The Curious Creations of Christine McConnell: Review

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Netflix’s recent spooky additions during October this year included a baking show called The Curious Creations of Christine McConnell.

Christine McConnell, the show’s main character and real-life baker, gained recognition as a self-taught baker who’s Instagram baking posts showcase her creepy (and delicious) desserts. Her show on Netflix is an interesting mix of baking how-to and spooky, puppet-filled plot.

I enjoyed the quirky, dark humor of the show and the subtle world-building. In fact, the two things this show does best are world-building and baking.

Watching this show will definitely make you hungry as you watch McConnell make her spooky (and delicious) creations. She makes everything from chocolate-peanut butter “bones” in the first episode to a cake replica of her house. Seriously. McConnell's house

10/10 for edible spooky houses.

She also makes some other craft projects throughout the course of the show, including items like this creepy candle with a face, and a stunning, hand-made red dress for a date. There’s no denying that McConnell is incredibly talented at making lovely, spooky-themed creations, both in real life and on this show. By taking the time to show how she makes these items, the mood tends to stay pretty light-hearted and relaxed.

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The other thing Curious Creations does well is world-building. From set design to spooky characters, the world (and, specifically, the house) McConnell lives in is fascinating. The subtle layers of world building keep you guessing at the mysteries of this universe. How did McConnell come to live in this house? What is the rest of her family like? (To this question, we do see some answers in later episodes). How did all of these creatures come to be here? What or who is Christine McConnell exactly? And what kind of world does she live in? So many questions.

In one episode we see Christine in her bedroom, just waking up for the morning. It seems that she is “sleeping” with her eyes open, looking almost dead. This small detail gives interesting hints about the world of Curious Creations. I genuinely loved the idea of this creepy house and the kind-hearted, though dark and mysterious, woman who lives in it. I also love how she treats the creatures who live in her house like family, bring in the trope of the gathered-family and true warmth to their relationships and interactions.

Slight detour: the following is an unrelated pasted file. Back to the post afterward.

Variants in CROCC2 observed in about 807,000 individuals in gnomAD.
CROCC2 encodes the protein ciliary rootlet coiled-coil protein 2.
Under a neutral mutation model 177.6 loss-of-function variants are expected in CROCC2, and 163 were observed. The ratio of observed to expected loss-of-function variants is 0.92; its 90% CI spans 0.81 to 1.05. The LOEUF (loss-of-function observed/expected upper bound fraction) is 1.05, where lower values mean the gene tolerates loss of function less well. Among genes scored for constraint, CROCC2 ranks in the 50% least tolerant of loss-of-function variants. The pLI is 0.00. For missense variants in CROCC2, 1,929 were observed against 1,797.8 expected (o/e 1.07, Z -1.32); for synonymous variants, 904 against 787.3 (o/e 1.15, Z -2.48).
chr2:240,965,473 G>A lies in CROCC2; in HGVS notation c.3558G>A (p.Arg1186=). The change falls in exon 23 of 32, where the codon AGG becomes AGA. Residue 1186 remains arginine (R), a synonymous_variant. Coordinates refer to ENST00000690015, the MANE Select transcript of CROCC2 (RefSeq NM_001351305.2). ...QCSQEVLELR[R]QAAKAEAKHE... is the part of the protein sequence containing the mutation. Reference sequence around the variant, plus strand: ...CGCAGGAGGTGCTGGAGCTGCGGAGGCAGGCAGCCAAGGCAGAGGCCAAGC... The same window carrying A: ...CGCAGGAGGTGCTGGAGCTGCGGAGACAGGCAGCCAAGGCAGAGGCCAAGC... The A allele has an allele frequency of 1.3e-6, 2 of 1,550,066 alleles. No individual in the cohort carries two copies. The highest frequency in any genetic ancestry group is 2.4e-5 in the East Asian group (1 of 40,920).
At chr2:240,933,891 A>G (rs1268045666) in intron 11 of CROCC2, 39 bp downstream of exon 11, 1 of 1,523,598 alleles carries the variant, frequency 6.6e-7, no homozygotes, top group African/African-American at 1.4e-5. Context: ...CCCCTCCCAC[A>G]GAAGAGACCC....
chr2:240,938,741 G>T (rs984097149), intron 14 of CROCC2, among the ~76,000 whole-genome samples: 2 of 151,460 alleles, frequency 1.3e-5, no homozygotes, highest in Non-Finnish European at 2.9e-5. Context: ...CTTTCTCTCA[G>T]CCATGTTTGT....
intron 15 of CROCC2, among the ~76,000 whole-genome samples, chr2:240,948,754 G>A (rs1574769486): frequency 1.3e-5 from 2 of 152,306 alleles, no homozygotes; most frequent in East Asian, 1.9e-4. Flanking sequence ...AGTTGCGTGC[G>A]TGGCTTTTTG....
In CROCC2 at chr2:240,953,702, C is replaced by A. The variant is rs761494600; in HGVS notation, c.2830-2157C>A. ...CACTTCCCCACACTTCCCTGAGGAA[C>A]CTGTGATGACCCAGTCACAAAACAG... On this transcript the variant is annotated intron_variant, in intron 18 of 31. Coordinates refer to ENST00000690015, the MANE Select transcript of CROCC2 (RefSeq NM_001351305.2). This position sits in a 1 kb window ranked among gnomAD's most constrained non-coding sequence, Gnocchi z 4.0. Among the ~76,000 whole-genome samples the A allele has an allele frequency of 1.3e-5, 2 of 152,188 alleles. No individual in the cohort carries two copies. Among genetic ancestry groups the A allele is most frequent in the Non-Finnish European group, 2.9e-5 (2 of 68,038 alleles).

McConell

From details like the spider-web cupboards to the reappearing skull (of a previous mailman, apparently) and all the creatures living around the house, world-building gets a 10/10 here. Quirky, spooky, and mysterious, Curious Creations aces this test.

On the other hand, while I enjoyed watching The Curious Creations, I did feel like it took its genre-breaking a little too far. In some ways, breaking the genre molds of typical baking shows and typical spooky shows is what makes Curious Creations so unique and fun. But breaking the genres like this comes with a price.

Curious Creations doesn’t fit very well in any genre. Is it a baking show? Yes, but it doesn’t give quite enough detail to become actually useful as a baking show. I felt that a few too many steps were jumped over in the recipes for anyone to actually try to follow along with unless they are a professional baker with professional tools. In an attempt to showcase McConnell’s creations to the fullest, the show jumps over a few too many minor steps to be a really good baking show.

Is this show a children’s show? The rating is PG, but some of the content seems a little bit too raunchy or scary to make it a really good children’s show.  I mean, serial killers welding axes does seem a little scarier than PG, and let’s not even talk about the time they tortured a neighbor in the basement. (I’m also not going to talk about my feelings on Rose (an undead raccoon) as a character. I understand that she was written to be obnoxious, but she crosses the line into highly annoying a few too many times for me to like her very much. I’m not sure she helps to make this a “kids show” either, although they might find her the funniest of all audiences.)